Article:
Best New Books of 2014

book covers

As a sustainable building school, Endeavour tries to keep a well-stocked library of books for our students and workshop participants. Looking back at 2014, here are three books that I feel greatly improved our library:

Making Better Buildings bookMaking Better Buildings: A Comparative Guide to Sustainable Building, by Chris Magwood

  • Okay, perhaps it’s a bit of nepotism to include my own book on this list. But all of our work at Endeavour is aimed at helping people make good sustainable building choices. In the past, we’ve had to round up information from a wide range of sources to make comparisons between different material and system choices. This book puts all the information in one place, in as unbiased a manner as possible. Anybody thinking of undertaking a sustainable building or renovation project should spend some time with this book.

Earthen Floors bookEarthen Floors: A Modern Approach to an Ancient Practice, by Sukita Reay Crimmel and James Thomson

  • Interest in earthen floors has always been high among sustainable builders, so it’s surprising that it’s taken this long for a good resource on the subject to become available. It couldn’t have come from a better source. The authors are leading practitioners and have been setting the standard for earthen floors in modern building for many years. The lack of solid, reliable information has held a lot of people back from trying an earthen floor… that no longer needs to be the case. Everything one needs to know about sourcing materials, mixing, applying and finishing can be found here.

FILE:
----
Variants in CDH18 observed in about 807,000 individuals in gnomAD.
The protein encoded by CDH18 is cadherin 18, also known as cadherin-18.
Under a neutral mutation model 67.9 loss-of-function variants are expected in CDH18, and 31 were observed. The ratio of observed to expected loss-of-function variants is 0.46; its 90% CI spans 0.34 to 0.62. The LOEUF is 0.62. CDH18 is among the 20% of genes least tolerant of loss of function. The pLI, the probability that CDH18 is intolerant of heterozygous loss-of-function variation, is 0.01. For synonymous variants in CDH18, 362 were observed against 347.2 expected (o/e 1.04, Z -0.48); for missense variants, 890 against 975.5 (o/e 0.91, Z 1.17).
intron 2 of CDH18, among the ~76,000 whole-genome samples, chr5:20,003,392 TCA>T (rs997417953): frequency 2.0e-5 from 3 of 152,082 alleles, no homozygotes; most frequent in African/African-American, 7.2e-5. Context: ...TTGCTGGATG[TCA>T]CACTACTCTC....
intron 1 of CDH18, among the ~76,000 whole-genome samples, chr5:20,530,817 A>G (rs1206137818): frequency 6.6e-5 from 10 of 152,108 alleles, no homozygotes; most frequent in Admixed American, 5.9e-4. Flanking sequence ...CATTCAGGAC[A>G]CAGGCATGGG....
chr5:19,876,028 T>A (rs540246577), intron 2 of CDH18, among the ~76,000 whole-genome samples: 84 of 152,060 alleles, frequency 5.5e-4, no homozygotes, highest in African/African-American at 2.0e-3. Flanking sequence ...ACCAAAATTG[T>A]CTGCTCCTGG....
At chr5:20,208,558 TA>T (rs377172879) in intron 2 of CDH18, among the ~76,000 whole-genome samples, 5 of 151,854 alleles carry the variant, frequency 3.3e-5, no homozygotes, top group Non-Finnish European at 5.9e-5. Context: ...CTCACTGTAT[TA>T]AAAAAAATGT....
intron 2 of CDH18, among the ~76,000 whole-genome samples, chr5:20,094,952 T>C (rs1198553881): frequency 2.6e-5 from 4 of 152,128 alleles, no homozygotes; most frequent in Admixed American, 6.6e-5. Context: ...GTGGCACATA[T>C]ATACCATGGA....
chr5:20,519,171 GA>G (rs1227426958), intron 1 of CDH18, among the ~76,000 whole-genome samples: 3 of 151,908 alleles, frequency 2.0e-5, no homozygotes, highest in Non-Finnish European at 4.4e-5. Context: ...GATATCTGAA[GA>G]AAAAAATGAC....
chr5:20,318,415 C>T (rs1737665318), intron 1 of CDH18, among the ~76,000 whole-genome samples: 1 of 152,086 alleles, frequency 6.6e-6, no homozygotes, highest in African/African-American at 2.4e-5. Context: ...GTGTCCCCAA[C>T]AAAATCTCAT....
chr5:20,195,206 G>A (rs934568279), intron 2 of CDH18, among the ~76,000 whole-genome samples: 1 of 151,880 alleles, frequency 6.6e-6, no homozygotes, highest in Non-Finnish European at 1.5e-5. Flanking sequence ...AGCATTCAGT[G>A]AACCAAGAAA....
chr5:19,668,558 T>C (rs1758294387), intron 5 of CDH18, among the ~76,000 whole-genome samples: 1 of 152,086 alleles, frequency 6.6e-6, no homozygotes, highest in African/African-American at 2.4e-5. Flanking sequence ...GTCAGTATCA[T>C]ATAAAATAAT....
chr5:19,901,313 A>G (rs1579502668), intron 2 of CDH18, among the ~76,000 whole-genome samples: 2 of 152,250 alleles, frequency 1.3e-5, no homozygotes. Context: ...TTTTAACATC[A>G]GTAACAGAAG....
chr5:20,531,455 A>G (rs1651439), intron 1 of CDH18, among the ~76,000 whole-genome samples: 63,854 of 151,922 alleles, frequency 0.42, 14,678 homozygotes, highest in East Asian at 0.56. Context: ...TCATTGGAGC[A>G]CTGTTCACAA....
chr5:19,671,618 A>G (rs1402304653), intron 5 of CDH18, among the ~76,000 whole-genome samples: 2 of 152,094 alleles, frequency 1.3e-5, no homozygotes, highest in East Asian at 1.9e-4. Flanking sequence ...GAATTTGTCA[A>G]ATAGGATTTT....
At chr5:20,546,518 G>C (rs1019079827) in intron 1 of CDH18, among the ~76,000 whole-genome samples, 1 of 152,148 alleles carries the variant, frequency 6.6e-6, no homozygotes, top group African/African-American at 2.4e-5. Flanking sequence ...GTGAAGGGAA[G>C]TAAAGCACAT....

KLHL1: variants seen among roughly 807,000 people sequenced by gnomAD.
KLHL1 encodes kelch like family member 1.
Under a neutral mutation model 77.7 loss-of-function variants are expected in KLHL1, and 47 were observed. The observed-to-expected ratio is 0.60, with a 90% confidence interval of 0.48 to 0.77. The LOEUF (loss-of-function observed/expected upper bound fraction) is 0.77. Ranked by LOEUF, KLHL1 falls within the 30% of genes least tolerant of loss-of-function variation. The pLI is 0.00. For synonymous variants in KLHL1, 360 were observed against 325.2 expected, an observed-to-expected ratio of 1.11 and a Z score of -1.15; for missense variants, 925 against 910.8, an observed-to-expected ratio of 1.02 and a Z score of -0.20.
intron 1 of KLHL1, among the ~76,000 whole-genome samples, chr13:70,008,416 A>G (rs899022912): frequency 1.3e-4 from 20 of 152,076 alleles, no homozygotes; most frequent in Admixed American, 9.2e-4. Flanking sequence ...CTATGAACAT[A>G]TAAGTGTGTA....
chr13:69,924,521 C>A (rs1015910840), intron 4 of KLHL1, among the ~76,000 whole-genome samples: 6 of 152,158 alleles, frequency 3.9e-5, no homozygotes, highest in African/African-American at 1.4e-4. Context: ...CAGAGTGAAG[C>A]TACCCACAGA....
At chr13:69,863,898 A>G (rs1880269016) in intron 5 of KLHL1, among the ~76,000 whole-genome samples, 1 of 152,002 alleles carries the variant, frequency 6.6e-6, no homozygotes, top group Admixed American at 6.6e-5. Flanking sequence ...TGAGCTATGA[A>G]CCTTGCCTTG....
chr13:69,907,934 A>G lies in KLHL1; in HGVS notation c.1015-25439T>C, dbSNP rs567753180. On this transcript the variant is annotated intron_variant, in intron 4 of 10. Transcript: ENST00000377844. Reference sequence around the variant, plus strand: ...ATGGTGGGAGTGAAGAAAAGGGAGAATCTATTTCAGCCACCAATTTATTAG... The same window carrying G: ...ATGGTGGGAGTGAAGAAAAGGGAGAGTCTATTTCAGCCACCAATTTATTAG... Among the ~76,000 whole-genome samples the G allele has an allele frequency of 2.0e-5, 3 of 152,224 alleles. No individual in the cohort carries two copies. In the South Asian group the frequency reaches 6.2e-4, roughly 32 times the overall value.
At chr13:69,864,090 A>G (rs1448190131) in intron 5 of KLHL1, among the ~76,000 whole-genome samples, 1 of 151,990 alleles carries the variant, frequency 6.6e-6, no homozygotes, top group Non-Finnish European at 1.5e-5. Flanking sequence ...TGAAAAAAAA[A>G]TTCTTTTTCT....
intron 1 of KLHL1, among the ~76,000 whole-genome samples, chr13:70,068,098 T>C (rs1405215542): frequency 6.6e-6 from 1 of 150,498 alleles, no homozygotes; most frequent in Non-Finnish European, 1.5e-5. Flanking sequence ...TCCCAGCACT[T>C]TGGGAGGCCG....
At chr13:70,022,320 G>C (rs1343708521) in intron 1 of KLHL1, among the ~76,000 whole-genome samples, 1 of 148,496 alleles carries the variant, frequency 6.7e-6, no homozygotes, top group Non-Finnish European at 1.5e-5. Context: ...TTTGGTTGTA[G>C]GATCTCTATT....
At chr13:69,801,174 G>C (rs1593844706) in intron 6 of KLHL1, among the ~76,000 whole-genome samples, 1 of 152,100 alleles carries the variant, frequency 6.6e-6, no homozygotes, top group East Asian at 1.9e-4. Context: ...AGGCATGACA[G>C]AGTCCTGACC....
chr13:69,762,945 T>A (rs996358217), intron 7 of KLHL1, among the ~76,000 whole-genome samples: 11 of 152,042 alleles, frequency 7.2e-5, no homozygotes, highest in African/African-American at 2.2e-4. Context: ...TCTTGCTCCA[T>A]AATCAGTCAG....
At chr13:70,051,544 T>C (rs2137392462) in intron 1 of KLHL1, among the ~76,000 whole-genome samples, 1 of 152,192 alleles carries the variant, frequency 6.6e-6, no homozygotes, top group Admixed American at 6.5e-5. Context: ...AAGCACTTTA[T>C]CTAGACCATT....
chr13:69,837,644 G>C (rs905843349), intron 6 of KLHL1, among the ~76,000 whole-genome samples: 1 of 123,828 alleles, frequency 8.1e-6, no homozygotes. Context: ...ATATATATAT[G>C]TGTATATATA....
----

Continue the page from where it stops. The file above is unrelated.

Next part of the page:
hempcrete bookThe Hempcrete Book: Designing and Building with Hemp-Lime, by William Stanwix and Alex Sparrow

  • The buzz that surrounds hempcrete has been amplifying in the past decade, but it’s been difficult to find trustworthy, reliable information on the technique, free from “hemp-hype” that tends to make exaggerated claims. This book is an excellent and thorough introduction to the materials, mixes and application of hemp-lime in new construction and renovations. It’s as thorough a how-to guide as is possible to write, and the reader should be ready to tackle a project having digested the information contained here.

Yes, it’s still relevant to buy books

Even though the internet has brought access to a great deal of free information about sustainable building (including here on Endeavour’s site), there is still no comparison to the depth of reliable information available in a good book. Books cover their subjects thoroughly, the authors tend to be well-regarded experts and publishers have spent time ensuring the information is accurate and reliable. The combination of a good book and a hands-on workshop can ready anybody to undertake their own project in a way that months of online surfing simply cannot.

If you are considering buying these (or any other) books this year, we’d recommend you go directly to the publishers and buy there. Online sources like Amazon provide low prices, but at a great cost to authors and publishers. Support your sustainable building authors and buy direct!